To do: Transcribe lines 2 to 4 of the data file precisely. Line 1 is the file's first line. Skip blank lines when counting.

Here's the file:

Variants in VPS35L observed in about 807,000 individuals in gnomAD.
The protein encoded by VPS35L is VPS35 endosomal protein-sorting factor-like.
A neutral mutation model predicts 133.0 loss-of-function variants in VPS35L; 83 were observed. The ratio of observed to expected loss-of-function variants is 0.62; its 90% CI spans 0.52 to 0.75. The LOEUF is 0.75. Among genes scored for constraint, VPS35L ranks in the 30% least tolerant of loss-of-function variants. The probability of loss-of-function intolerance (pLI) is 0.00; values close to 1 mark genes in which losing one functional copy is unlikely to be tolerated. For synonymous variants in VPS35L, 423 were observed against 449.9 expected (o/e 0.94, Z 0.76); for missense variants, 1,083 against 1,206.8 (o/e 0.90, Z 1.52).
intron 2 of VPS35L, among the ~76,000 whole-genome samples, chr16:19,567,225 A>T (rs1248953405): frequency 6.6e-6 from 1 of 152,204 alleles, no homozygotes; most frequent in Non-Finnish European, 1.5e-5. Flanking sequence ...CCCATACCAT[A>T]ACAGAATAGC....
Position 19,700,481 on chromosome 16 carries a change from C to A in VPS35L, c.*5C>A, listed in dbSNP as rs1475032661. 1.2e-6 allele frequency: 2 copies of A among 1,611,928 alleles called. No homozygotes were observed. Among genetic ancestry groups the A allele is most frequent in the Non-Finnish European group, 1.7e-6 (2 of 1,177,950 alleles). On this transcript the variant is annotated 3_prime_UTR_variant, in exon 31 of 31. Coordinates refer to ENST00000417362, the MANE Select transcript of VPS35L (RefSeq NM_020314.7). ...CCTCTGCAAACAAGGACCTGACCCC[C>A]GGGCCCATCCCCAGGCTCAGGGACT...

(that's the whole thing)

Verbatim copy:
The protein encoded by VPS35L is VPS35 endosomal protein-sorting factor-like.
A neutral mutation model predicts 133.0 loss-of-function variants in VPS35L; 83 were observed. The ratio of observed to expected loss-of-function variants is 0.62; its 90% CI spans 0.52 to 0.75. The LOEUF is 0.75. Among genes scored for constraint, VPS35L ranks in the 30% least tolerant of loss-of-function variants. The probability of loss-of-function intolerance (pLI) is 0.00; values close to 1 mark genes in which losing one functional copy is unlikely to be tolerated. For synonymous variants in VPS35L, 423 were observed against 449.9 expected (o/e 0.94, Z 0.76); for missense variants, 1,083 against 1,206.8 (o/e 0.90, Z 1.52).
intron 2 of VPS35L, among the ~76,000 whole-genome samples, chr16:19,567,225 A>T (rs1248953405): frequency 6.6e-6 from 1 of 152,204 alleles, no homozygotes; most frequent in Non-Finnish European, 1.5e-5. Flanking sequence ...CCCATACCAT[A>T]ACAGAATAGC....